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kind of Foodie Friday: Haiti.

January 15, 2010

My dad went to Haiti a few times when i was younger. I was going to go with him in 9th grade, but the plans were cancelled due to (increased) violence and instability. He is not an especially personally expressive person, but i would venture to say that his trips there were among the major amazing events of his life. I think he had more to say about the people he met for one week there than most of the people we’ve known. We, of course, talked a lot of politics regarding Haiti as well. But first, along with all that, he came back raving about the pumpkin soup they had – a pumpkin and peanut soup, actually.

So, first, the food:

Pumpkin soup, two versions.

I don’t have a recipe for that soup (nor do i remember for certain if i’ve had it). So, i consulted the google, which told me that there is no Haitian pumpkin-peanut butter soup. There is Haitian pumpkin soup, though, and, separately, pumpkin-peanut butter soup. I know, i wouldn’t generally post links to recipes i’ve not tried, but this is one of the first things that comes to mind when i hear of Haiti.

Haitian Pumpkin Soup: Soup Joumou – this is a meaty pumpkin soup, which seems to be an uncommon variation. It is also the celebratory successful slave-revolt against the French soup.

Pumpkin-peanut soup – this is not so historied, but it sounds delicious.

Now, to more pressing matters:

Others have already done a better job than i could in explaining the why and how and best ways to help out with the disaster relief effort in Haiti. So, i’ll just say, please do follow that link.

Not to in any way detract from the importance of disaster relief, or the amazing work done by the people and organizations involved, or the fact that you should help out (click above!), but these sorts of major-disaster situations bring out my cynical side. I know it’s supposed to make me feel all solidarity-pride-and-hope because everyone cares. To me it simply serves to emphasize the fact that no one cared before, and likely no one will care again in 6 months.

Moreover, by not caring (or not speaking out) we are directly at fault – hurting as compared to only not helping. I can only speak to the “we” as Americans; i don’t know the broader politics well enough to spread the blame farther. The United States has done a great deal of harm – some purposeful and some incidental to thoughtless good intentions – in Haiti. And many of the same concepts hold in other third-world countries as well, but as the 2nd poorest nation in the world Haiti is a stark example (plus, i know a bit more of the details).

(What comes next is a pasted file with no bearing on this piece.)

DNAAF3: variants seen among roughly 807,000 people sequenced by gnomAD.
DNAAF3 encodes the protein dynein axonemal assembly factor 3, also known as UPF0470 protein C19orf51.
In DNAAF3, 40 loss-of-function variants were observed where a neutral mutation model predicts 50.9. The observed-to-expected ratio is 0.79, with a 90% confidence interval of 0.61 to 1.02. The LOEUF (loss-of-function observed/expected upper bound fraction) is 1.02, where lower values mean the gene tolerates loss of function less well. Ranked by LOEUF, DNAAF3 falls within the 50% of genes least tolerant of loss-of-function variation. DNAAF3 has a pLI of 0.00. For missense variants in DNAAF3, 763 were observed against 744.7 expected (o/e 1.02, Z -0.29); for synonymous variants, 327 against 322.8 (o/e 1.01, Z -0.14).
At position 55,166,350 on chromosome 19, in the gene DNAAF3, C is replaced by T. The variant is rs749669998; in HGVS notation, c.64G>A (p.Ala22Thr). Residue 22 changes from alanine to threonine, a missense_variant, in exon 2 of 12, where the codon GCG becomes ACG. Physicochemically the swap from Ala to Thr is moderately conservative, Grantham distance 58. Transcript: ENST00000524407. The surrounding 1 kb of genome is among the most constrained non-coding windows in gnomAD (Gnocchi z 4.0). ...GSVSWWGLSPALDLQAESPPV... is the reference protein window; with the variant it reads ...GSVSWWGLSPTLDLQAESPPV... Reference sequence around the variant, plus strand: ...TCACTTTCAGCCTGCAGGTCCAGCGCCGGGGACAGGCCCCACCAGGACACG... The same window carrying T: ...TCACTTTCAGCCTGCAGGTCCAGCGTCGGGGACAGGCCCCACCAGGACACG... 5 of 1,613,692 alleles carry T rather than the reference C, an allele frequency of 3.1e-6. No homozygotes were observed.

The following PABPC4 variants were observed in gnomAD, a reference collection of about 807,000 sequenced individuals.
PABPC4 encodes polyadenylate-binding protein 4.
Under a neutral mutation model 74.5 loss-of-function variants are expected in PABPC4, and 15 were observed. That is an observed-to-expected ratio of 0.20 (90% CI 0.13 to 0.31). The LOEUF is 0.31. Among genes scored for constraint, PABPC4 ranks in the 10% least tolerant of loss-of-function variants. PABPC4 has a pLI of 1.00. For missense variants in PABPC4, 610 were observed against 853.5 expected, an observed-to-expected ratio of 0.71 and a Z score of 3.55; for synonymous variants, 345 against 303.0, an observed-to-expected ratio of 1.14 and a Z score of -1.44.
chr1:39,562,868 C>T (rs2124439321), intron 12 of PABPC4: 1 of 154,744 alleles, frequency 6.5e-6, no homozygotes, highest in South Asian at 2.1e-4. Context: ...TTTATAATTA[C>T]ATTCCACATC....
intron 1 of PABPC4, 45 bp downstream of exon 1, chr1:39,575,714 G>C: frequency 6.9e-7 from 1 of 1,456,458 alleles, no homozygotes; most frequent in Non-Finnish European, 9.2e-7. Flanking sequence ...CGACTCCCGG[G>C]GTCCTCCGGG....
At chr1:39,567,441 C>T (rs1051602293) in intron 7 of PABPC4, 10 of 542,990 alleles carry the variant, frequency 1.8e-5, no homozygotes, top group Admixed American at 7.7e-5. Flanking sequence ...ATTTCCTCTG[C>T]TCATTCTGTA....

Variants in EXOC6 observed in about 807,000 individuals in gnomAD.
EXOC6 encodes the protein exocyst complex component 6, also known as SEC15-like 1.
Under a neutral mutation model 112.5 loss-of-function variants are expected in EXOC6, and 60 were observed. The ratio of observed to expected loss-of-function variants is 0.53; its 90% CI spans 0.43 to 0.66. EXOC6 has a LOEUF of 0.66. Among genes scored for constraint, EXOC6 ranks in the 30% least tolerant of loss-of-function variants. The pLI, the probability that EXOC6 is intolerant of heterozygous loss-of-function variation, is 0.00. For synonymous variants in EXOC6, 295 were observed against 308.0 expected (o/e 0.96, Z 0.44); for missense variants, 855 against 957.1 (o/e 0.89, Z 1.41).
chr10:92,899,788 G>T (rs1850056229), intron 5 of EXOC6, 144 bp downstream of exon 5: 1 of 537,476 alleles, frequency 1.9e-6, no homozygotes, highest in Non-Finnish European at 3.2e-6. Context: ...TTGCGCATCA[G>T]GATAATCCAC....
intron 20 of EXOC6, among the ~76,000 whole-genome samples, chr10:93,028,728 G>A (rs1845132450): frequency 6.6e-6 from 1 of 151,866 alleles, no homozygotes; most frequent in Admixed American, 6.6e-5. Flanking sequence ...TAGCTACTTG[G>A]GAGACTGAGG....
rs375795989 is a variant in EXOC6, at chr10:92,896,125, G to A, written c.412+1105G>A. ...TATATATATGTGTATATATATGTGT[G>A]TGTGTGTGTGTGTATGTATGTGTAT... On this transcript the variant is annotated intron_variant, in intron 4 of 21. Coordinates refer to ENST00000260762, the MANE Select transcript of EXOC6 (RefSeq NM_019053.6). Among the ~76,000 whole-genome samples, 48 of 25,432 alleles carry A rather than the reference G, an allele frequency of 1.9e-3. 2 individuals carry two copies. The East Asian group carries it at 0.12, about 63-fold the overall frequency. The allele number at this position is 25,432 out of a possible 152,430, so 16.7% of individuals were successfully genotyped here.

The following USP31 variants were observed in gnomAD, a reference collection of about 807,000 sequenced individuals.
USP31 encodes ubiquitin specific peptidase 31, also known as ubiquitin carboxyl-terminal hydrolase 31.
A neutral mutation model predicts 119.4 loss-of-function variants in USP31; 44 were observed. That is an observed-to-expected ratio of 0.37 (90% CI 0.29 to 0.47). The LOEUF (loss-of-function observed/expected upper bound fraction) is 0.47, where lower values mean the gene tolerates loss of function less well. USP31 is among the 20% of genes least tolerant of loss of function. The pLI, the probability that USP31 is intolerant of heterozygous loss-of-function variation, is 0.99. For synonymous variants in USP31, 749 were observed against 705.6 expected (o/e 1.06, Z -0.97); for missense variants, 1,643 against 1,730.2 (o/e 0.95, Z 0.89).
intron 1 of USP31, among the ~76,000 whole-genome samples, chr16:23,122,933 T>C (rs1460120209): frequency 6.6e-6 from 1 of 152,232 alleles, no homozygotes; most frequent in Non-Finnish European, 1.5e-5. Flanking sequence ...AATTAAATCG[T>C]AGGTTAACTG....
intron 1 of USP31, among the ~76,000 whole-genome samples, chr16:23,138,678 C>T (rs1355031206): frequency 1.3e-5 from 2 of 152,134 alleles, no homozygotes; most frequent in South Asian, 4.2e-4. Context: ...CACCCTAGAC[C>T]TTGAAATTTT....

There is the fairly straightforward uncalled-for meddling in the affairs of a democratic government not our own. Meddling is not the proper word, because, given the US’ political and economic position in the world, meddling is almost automatic. However state-supported coups and installing undemocratic governments in the name of democracy and in the interest of only our own political and economic power…i don’t think i can express my disdain for the way our government has interacted with south and central america (and much of the rest of the world).

But let’s move on from well-documented conspiracy theories and state-sanctioned war and murder, shall we?

The United States’ good intentions with regard to international aid are pathetically backwards. We aid countries that are poverty-stricken, which is good. But extreme poverty in a country is generally directly linked to a very fragile economy (as well as similarly extreme corruption). The general form of US aid is “here, have some stuff that we know you need.” It has the advantage, to us, of being a very simple system. So obviously, it doesn’t work (something about simple answers to complicated problems). The problem is, what that amounts to is, “here is some stuff for free to compete with the stuff that your very fragile industry is trying to sell for a profit.” Where before your farmers may have been struggling, now they are nonexistent, which means that much less money and commerce flowing through the community. The more dire problem is that if your food aid pulls out, it leaves behind it a void in which there is less food produced in the country than there was before they showed up. Your country that was struggling with poverty and hunger is temporarily boosted by aid, but left with worse poverty and hunger after the fact.

Frankly, while i try to stay fairly informed, international affairs is not really my cup of tea. Community organizing and development are, and, barring very specific causes, i think charity does more harm than good.

Very specific causes like disaster, which requires immediate and straightforward response, and is not (in the immediate aftermath) at all about long-term planning. So, i don’t at all retract my statements about the importance of helping, in what way you can, the earthquake relief efforts in Haiti.

if this weren't tragic enough already, this is a kind of amazing visual: the border between Haiti (left) and the Dominica Republic (right).

-Lady Brett

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